Now Brazil is looking to distinguish itself by stepping up its efforts to cultivate a different kind of alternative energy - nuclear power. With strong interest in nuclear power in the U.
S. culminating in the first new plant application in 30 years and other countries including Britain, France, and Canada strongly supporting new nuclear efforts, it is a bright time for the technology. New designs have helped to create safer plants that can even withstand the brunt of an earthquake.
In Brazil work has resumed on the country's soon to be third nuclear plant. The plant, built by Electronuclear, is named Angra 3 and is located near popular tourist destination Rio de Janeiro. Construction on the plant had been stalled for 22 years based on financial insolvency and political problems.
Brazil's president Luiz Ignacio Lula da Silva hopes to strengthen his country's alternative energy leadership by resuming the development.
Leonam Guimaraes, an Electronuclear spokesman, lauded the President's decision, stating, "Things have changed a lot, and today it's clearer to everyone that nuclear energy has a role to play in the Brazilian electrical system, just like the other forms of producing electricity, which can't be dismissed."
According to the U.S. Department of Energy Brazil is the third largest consumer of electric energy in the Western Hemisphere alone, behind only Canada and the U.S. Metrics from the International Atomic Energy Agency (IAEA) indicate that Brazil's two current nuclear provide the country with three percent of its energy.
This lags behind other Western Hemisphere country's nuclear holdings. Countries with larger nuclear operations include Mexico (where nuclear power generates five percent of electricity), Argentina (seven percent), Canada (16 percent) and the United States (19 percent), according to the IAEA. Worldwide, France leads the international community in the strongest nuclear effort with 78 percent of its power provided by nuclear. It is followed by Lithuania (72 percent), Slovakia (57 percent) and Belgium (54 percent).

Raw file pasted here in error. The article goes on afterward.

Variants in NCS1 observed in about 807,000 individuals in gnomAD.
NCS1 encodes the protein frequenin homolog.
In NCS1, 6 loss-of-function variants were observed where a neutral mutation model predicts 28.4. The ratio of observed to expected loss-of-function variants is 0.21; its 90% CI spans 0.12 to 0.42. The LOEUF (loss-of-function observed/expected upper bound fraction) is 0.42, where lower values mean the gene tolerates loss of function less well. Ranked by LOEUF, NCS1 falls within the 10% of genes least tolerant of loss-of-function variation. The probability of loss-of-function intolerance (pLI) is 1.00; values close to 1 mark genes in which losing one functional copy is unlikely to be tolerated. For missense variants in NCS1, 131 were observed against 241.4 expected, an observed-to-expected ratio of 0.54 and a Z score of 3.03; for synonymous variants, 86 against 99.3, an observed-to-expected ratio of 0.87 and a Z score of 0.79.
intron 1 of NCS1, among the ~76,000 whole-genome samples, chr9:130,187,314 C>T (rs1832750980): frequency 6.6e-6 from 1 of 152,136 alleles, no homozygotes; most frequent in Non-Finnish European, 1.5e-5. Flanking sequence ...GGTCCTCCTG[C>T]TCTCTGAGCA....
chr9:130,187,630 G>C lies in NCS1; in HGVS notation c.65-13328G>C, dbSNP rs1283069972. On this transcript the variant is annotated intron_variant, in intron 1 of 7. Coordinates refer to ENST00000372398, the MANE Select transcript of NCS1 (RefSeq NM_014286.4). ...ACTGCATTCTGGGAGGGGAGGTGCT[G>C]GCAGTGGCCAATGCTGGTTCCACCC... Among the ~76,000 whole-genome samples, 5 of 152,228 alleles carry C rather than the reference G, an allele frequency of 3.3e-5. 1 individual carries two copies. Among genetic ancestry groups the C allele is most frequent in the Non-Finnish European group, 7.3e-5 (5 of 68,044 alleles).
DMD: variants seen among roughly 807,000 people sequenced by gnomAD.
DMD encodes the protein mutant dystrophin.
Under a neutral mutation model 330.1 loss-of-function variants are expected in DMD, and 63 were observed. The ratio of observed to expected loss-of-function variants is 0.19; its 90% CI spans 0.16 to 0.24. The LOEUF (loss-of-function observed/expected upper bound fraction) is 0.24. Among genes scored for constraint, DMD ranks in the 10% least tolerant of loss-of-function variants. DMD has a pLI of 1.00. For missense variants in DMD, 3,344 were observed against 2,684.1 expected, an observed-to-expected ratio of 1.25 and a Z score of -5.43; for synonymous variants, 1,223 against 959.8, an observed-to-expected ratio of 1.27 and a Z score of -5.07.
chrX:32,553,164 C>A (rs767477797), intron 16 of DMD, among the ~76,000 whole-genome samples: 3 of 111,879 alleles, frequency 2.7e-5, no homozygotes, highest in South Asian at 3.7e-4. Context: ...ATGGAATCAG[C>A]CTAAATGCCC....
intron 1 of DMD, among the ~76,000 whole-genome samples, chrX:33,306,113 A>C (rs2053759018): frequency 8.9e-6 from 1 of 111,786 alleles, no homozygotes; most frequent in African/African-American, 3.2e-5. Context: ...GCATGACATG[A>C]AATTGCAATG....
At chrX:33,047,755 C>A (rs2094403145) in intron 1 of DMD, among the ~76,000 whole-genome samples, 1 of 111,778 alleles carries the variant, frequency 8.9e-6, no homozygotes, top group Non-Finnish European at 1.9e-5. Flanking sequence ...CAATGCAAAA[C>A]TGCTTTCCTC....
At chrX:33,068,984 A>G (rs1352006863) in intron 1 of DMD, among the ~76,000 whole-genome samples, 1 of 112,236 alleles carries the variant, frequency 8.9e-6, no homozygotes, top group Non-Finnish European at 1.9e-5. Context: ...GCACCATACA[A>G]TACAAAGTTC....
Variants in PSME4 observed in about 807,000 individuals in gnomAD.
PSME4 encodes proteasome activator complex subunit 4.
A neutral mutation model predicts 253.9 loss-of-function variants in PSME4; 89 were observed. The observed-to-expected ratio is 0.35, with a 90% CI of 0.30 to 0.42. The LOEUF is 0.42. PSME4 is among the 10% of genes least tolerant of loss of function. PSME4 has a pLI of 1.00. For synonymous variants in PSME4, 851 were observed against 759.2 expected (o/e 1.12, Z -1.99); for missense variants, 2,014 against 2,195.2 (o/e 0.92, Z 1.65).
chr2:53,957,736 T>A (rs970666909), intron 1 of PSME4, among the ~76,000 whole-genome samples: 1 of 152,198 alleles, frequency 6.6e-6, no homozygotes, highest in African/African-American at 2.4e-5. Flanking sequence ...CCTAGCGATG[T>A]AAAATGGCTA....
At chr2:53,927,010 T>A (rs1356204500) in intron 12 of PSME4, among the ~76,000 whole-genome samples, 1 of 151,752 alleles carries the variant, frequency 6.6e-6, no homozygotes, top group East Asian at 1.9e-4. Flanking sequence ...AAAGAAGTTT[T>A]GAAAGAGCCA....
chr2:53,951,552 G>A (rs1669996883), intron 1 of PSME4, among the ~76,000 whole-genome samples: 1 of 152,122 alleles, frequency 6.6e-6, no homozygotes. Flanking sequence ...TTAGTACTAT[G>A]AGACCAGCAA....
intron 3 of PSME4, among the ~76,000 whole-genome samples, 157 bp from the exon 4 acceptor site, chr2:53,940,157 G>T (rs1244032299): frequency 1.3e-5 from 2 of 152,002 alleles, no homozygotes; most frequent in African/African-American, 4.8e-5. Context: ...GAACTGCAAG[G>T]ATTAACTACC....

Brazil's first two reactors first went online in 1985 and 2000. The pair provides half of the Rio de Janeiro projects electrical power according to the Electronuclear. The company plans to restart construction in February and hopes to have the plant operational by 2014, when Brazil will host the FIFA World Cup soccer tournament.
Thus far, opposition from environmental agencies has not been a major roadblock. Many environmental agencies have expressed concerns that Electronuclear may be choose to continue to build an aging plant design, as opposed to adopting more safer, more efficient modern designs used in countries like Japan and France. They also have criticized that there's little in the way of a safety plan in case of accidental discharge of nuclear radiation.
The Brazilian government is trying to quell these fears and enforce some standards, as well as generating local good will, by setting 60 conditions that Electronuclear has to satisfy in order to continue development. The plant must work with the Ministry of Health's Fiocruz department to conduct studies on the health effects of the low dose radiation emitted from Brazil's plants on the local populous. It must also work out a 'definite' solution for the storage of high-level radioactive waste.
Other provisions are less related to plant safety and are intended to win over locals. Among these conditions are that the company will invest $31 million (US) in the beautification of Angra dos Reia and Parat, two nearby cities. It will also take up the maintenance costs of the Tamois Ecological Station and the 100,000 hectare Serra da Bocaina national park.
Electronuclear must meet the conditions in order to forge ahead. Thus far it seems to have indicated that it is going to. How the formerly financially troubled company is funding the effort remains unknown, though it is likely subsidized in part by Brazil's government.